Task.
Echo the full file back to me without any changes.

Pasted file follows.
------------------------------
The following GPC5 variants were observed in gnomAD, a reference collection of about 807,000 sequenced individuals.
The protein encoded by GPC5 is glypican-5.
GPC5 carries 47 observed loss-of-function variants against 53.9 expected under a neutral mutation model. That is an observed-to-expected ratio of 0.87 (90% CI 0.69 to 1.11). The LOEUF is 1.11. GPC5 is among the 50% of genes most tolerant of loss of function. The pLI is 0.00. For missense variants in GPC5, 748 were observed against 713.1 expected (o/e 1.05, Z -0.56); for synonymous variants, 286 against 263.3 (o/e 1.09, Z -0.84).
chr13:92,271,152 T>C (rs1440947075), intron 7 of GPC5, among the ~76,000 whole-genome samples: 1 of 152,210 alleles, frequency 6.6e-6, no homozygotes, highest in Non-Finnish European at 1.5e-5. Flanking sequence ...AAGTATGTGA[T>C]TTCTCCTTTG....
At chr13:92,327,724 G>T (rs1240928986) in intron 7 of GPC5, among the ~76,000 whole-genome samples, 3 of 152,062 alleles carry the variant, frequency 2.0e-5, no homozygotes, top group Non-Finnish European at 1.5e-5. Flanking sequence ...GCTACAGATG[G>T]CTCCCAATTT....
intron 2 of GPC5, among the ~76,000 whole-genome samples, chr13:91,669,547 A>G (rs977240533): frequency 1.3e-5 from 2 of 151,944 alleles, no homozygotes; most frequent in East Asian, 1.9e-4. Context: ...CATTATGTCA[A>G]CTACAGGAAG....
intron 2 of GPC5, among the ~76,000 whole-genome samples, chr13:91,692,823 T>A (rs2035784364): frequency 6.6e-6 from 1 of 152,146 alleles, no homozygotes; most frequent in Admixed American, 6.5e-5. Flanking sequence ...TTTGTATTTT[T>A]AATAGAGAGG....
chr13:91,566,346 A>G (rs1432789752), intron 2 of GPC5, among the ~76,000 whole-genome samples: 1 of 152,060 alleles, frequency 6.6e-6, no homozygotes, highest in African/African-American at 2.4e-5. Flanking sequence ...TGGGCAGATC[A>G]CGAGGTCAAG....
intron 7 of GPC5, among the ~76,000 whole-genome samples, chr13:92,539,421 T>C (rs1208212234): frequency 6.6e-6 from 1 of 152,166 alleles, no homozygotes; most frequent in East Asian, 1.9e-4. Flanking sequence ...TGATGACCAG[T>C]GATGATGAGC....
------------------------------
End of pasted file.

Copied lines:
The following GPC5 variants were observed in gnomAD, a reference collection of about 807,000 sequenced individuals.
The protein encoded by GPC5 is glypican-5.
GPC5 carries 47 observed loss-of-function variants against 53.9 expected under a neutral mutation model. That is an observed-to-expected ratio of 0.87 (90% CI 0.69 to 1.11). The LOEUF is 1.11. GPC5 is among the 50% of genes most tolerant of loss of function. The pLI is 0.00. For missense variants in GPC5, 748 were observed against 713.1 expected (o/e 1.05, Z -0.56); for synonymous variants, 286 against 263.3 (o/e 1.09, Z -0.84).
chr13:92,271,152 T>C (rs1440947075), intron 7 of GPC5, among the ~76,000 whole-genome samples: 1 of 152,210 alleles, frequency 6.6e-6, no homozygotes, highest in Non-Finnish European at 1.5e-5. Flanking sequence ...AAGTATGTGA[T>C]TTCTCCTTTG....
At chr13:92,327,724 G>T (rs1240928986) in intron 7 of GPC5, among the ~76,000 whole-genome samples, 3 of 152,062 alleles carry the variant, frequency 2.0e-5, no homozygotes, top group Non-Finnish European at 1.5e-5. Flanking sequence ...GCTACAGATG[G>T]CTCCCAATTT....
intron 2 of GPC5, among the ~76,000 whole-genome samples, chr13:91,669,547 A>G (rs977240533): frequency 1.3e-5 from 2 of 151,944 alleles, no homozygotes; most frequent in East Asian, 1.9e-4. Context: ...CATTATGTCA[A>G]CTACAGGAAG....
intron 2 of GPC5, among the ~76,000 whole-genome samples, chr13:91,692,823 T>A (rs2035784364): frequency 6.6e-6 from 1 of 152,146 alleles, no homozygotes; most frequent in Admixed American, 6.5e-5. Flanking sequence ...TTTGTATTTT[T>A]AATAGAGAGG....
chr13:91,566,346 A>G (rs1432789752), intron 2 of GPC5, among the ~76,000 whole-genome samples: 1 of 152,060 alleles, frequency 6.6e-6, no homozygotes, highest in African/African-American at 2.4e-5. Flanking sequence ...TGGGCAGATC[A>G]CGAGGTCAAG....
intron 7 of GPC5, among the ~76,000 whole-genome samples, chr13:92,539,421 T>C (rs1208212234): frequency 6.6e-6 from 1 of 152,166 alleles, no homozygotes; most frequent in East Asian, 1.9e-4. Flanking sequence ...TGATGACCAG[T>C]GATGATGAGC....